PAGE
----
The IRS Warns You Could Get Fined for Forgetting This on Your Taxes
You may get hit with a penalty if this isn't included on your return.
Whether you're a first-time filer or you've been prepping returns for years now, filing your taxes can be a stressful and confusing time for anyone. Some people opt to pay someone else to do it, while others might take advantage of tax preparer software like TurboTax. But at the end of the day, you are responsible for making sure your correct and complete financial information is submitted to the Internal Revenue Service (IRS) every tax season. If not, you could be hit with significant penalties from the tax agency. Read on to find out what experts say could get you must not forget to leave off your return.
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You must sign and date your tax return before sending it to the IRS.
You are responsible for submitting a valid and complete return into the IRS by the tax deadline. "A return isn't considered valid unless it is signed. Both spouses must sign if the return is filed jointly. The return should be dated," the IRS explains on its website.
A signature and date is required for both paper returns and returns submitted online. To qualify as a signed tax return, it must be signed by the filer on the line designated for signature or include the tax preparer's stamped, typed, signed, or printed name and social security number, employer identification number, or preparer tax identification number, according to Boston University Financial Assistance.
Missing these two important details could leave your return unprocessed and not submitted in the eyes of the IRS. "If you missed signing your tax forms, the IRS will not process your return," says Edward Mellett, a financial expert and founder of WikiJob. Mark Valderrama, a tax expert and CEO of the Aquarium Store Depot, adds, "without a signature and date, the document will be deemed not submitted at all."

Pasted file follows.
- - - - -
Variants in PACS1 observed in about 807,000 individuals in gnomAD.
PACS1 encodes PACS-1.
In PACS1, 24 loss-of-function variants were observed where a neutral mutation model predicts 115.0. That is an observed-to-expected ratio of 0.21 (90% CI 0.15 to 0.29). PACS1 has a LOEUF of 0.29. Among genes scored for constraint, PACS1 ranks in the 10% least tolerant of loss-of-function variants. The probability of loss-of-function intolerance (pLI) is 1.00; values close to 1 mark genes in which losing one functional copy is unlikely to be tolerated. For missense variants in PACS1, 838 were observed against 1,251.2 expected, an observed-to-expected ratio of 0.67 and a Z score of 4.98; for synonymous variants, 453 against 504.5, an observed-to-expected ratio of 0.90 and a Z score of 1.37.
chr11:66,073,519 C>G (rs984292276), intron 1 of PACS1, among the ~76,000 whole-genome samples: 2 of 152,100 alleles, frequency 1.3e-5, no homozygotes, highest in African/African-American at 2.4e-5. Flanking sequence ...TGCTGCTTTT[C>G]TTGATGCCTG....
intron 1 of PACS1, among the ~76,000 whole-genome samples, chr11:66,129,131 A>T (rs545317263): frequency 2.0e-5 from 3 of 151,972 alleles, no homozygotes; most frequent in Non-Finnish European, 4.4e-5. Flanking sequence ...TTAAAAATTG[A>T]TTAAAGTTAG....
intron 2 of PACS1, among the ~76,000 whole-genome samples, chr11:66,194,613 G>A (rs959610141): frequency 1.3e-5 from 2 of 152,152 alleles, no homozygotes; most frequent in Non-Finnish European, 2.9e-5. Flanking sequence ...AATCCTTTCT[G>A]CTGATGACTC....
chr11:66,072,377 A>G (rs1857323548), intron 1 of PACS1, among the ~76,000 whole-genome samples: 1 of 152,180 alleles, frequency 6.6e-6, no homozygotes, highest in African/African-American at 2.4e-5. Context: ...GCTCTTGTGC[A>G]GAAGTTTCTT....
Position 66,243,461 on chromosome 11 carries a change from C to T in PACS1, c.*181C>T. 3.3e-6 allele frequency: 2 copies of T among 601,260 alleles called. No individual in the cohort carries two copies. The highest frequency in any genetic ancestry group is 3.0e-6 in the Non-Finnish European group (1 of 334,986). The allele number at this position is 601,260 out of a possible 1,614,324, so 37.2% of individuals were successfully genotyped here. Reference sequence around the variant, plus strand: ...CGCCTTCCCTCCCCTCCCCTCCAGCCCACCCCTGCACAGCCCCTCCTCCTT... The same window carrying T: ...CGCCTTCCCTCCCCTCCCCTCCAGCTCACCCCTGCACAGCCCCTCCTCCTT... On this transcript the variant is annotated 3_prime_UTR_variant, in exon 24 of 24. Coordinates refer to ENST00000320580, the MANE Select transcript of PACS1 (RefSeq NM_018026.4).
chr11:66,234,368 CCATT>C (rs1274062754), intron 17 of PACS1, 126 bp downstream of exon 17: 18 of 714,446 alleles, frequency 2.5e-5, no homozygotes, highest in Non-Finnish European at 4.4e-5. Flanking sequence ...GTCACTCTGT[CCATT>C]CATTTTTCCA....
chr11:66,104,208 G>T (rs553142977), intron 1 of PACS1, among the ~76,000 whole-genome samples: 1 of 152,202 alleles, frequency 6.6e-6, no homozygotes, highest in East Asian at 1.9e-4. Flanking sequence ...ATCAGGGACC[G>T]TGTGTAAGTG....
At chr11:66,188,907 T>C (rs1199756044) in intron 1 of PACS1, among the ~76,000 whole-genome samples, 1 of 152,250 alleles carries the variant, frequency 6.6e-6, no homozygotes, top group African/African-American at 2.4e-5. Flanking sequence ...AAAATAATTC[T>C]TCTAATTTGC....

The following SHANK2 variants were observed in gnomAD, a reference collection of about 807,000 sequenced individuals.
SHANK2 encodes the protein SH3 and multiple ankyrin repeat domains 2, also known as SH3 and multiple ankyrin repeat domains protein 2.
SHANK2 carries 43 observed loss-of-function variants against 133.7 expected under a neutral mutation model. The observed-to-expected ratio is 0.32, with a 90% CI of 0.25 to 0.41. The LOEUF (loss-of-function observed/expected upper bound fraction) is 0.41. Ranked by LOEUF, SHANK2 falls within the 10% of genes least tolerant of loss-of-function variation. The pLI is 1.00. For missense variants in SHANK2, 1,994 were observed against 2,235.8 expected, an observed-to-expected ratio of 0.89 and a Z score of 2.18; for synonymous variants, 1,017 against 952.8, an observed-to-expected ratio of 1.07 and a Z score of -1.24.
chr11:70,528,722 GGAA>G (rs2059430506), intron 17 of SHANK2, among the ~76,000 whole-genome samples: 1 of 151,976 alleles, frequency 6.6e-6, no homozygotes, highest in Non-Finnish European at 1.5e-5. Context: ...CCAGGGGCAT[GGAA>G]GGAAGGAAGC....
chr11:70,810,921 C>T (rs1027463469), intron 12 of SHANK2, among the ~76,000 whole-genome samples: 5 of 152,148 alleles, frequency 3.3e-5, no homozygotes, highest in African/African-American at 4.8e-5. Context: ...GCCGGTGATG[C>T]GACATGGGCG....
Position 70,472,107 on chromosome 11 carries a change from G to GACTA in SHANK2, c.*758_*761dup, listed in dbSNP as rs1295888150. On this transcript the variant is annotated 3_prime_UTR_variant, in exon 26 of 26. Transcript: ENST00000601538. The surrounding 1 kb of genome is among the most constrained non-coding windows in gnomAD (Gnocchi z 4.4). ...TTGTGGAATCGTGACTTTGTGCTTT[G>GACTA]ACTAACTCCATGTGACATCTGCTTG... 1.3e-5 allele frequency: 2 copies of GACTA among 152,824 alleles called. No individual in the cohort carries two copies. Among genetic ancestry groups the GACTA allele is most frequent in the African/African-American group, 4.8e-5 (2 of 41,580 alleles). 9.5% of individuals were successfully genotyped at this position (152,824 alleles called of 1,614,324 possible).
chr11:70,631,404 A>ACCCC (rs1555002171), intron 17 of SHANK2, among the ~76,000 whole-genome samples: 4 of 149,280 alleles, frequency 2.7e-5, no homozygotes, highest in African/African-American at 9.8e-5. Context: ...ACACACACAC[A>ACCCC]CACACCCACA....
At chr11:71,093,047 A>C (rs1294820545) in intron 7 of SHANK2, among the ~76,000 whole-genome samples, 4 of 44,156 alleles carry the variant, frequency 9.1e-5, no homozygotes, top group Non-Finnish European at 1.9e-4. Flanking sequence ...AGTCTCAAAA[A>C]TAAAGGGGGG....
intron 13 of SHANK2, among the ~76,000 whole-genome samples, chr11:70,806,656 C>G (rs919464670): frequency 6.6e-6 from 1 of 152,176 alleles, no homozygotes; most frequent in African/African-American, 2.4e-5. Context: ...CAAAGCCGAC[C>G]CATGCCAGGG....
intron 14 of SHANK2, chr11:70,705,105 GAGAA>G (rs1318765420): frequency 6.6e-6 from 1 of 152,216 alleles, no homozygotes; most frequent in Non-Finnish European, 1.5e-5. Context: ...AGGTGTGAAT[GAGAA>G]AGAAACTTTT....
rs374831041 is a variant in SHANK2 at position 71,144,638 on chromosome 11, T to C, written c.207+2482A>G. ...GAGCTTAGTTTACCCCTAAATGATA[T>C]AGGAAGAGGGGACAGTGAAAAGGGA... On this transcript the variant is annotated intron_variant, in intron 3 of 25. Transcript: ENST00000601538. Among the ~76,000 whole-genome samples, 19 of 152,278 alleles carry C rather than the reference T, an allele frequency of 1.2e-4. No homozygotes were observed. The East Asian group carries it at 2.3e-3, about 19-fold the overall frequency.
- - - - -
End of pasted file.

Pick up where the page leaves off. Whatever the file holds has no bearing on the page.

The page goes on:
The agency can fine you if you submit an unsigned return.
An unsigned and undated return could seem like a simple mistake on your end, but it might end up costing you. "Once you recognize your error, your return may be considered late, resulting in the imposition of IRS fines and interest," Valderrama warns. So in 2022, if you don't remedy your mistake by the April 18 deadline, you may be hit with a Failure to File Penalty and subsequent interest.
The IRS also confirms the possibility of this on its website. "A return that is not signed by the taxpayer (or an authorized individual) fails to meet the requirement to file that return, and may subject the taxpayer to penalties for failure to file," the tax agency says.
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The IRS will send your return back and notify you if it is not signed.
The IRS says it will return unsigned income tax returns to taxpayers, alongside a letter requesting that they sign the return and resubmit it to be processed. If you initially filed before the tax deadline and then file a proper income tax return upon request, the tax agency will likely choose not to fine you, even if you resubmit after the official tax deadline.
But if the IRS finds that you purposely refused to sign the return for specific reasons, you are at a higher risk of being penalized. "If it is determined that the failure to sign a return was an intentional attempt to avoid civil or criminal penalties associated with signing a false return, then the penalty for failure to file should be duly explored to the fullest extent of the law," the agency says.
And the IRS will also let you know if you owe a penalty.
If you don't file your tax return by the due date, you could be subject to the Failure to File Penalty. According to the IRS, the penalty will require you to pay a percentage of the tax you didn't pay on time. And the agency will send you either a notice or a letter if you owe it.
"We calculate the Failure to File Penalty based on how late you file your tax return and the amount of unpaid tax as of the original payment due date (not the extension due date)," the IRS explains. "Unpaid tax is the total tax required to be shown on your return minus amounts paid through withholding, estimated tax payments and allowed refundable credits."
But you might also be able to dispute the penalty by calling a number the IRS will provide on your notice, or by writing the agency a letter. "We may be able to remove or reduce some penalties if you acted in good faith and can show reasonable cause for why you weren't able to meet your tax obligations," the IRS says.
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